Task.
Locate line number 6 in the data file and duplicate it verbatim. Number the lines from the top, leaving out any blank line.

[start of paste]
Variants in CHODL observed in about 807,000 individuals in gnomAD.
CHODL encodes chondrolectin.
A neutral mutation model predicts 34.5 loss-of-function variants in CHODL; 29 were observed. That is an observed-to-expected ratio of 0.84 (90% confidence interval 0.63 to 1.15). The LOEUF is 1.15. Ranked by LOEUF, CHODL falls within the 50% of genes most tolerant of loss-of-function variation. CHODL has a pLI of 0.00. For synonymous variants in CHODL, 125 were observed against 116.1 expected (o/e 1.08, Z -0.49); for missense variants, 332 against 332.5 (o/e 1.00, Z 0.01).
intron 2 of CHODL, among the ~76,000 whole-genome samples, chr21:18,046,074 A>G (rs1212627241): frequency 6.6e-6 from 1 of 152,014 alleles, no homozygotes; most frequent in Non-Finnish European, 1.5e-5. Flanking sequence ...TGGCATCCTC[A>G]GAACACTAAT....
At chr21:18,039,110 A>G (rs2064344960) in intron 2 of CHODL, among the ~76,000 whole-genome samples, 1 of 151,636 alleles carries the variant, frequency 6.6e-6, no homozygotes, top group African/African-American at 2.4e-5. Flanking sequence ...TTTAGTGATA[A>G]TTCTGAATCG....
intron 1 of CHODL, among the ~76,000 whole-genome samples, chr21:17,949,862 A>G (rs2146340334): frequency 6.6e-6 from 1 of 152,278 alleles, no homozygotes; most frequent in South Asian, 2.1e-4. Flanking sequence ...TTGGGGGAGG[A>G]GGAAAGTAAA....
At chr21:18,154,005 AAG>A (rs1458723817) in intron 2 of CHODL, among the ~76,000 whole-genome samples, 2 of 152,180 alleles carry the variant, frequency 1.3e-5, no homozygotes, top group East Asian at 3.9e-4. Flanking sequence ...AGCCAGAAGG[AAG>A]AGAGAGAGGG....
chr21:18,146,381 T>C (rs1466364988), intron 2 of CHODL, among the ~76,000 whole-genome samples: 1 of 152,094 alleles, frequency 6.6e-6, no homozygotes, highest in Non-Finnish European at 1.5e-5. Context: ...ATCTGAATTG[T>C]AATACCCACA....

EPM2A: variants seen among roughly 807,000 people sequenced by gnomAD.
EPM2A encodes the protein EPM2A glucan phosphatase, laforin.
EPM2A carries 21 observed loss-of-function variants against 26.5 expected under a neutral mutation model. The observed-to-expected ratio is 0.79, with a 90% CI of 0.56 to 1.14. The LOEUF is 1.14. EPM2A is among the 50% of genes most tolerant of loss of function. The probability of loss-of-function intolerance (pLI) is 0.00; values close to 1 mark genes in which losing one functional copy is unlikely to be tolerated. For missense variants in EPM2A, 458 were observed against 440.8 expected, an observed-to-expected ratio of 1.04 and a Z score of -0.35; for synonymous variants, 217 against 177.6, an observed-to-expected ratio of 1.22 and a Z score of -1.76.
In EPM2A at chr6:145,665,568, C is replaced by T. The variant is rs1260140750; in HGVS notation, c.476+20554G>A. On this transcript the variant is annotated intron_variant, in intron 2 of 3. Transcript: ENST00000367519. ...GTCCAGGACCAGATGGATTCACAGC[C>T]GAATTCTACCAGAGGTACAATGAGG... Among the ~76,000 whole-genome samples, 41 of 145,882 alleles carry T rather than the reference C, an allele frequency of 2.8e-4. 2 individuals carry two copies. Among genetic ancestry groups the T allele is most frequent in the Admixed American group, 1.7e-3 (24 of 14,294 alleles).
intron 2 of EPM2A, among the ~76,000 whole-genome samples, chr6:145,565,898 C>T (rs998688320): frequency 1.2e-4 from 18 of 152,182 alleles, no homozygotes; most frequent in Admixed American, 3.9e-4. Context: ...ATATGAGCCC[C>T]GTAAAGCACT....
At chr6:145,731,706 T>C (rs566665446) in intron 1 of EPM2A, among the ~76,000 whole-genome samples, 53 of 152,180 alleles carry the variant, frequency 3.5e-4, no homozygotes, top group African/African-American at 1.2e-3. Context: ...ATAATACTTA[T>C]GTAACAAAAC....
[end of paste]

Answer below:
intron 1 of CHODL, among the ~76,000 whole-genome samples, chr21:17,949,862 A>G (rs2146340334): frequency 6.6e-6 from 1 of 152,278 alleles, no homozygotes; most frequent in South Asian, 2.1e-4. Flanking sequence ...TTGGGGGAGG[A>G]GGAAAGTAAA....